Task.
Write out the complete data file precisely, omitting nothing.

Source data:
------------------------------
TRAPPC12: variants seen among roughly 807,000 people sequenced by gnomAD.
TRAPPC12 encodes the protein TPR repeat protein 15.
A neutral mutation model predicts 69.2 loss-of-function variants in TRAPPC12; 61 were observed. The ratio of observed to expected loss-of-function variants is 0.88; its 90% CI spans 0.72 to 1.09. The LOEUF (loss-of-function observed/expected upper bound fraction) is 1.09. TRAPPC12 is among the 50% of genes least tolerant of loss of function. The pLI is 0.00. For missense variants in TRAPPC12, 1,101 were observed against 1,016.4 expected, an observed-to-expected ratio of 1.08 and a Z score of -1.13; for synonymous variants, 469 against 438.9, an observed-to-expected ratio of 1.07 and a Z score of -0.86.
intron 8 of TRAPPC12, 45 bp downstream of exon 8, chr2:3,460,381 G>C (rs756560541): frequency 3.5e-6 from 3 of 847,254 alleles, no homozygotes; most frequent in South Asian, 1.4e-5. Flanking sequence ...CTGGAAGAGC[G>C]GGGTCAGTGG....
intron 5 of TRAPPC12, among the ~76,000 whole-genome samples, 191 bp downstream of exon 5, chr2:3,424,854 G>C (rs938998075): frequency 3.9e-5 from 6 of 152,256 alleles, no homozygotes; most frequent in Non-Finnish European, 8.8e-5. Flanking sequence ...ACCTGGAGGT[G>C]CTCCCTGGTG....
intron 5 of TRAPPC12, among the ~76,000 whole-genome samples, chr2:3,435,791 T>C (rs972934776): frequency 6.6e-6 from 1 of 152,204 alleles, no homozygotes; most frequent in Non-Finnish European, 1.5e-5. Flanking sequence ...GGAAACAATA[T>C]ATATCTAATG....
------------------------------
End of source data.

TRAPPC12: variants seen among roughly 807,000 people sequenced by gnomAD.
TRAPPC12 encodes the protein TPR repeat protein 15.
A neutral mutation model predicts 69.2 loss-of-function variants in TRAPPC12; 61 were observed. The ratio of observed to expected loss-of-function variants is 0.88; its 90% CI spans 0.72 to 1.09. The LOEUF (loss-of-function observed/expected upper bound fraction) is 1.09. TRAPPC12 is among the 50% of genes least tolerant of loss of function. The pLI is 0.00. For missense variants in TRAPPC12, 1,101 were observed against 1,016.4 expected, an observed-to-expected ratio of 1.08 and a Z score of -1.13; for synonymous variants, 469 against 438.9, an observed-to-expected ratio of 1.07 and a Z score of -0.86.
intron 8 of TRAPPC12, 45 bp downstream of exon 8, chr2:3,460,381 G>C (rs756560541): frequency 3.5e-6 from 3 of 847,254 alleles, no homozygotes; most frequent in South Asian, 1.4e-5. Flanking sequence ...CTGGAAGAGC[G>C]GGGTCAGTGG....
intron 5 of TRAPPC12, among the ~76,000 whole-genome samples, 191 bp downstream of exon 5, chr2:3,424,854 G>C (rs938998075): frequency 3.9e-5 from 6 of 152,256 alleles, no homozygotes; most frequent in Non-Finnish European, 8.8e-5. Flanking sequence ...ACCTGGAGGT[G>C]CTCCCTGGTG....
intron 5 of TRAPPC12, among the ~76,000 whole-genome samples, chr2:3,435,791 T>C (rs972934776): frequency 6.6e-6 from 1 of 152,204 alleles, no homozygotes; most frequent in Non-Finnish European, 1.5e-5. Flanking sequence ...GGAAACAATA[T>C]ATATCTAATG....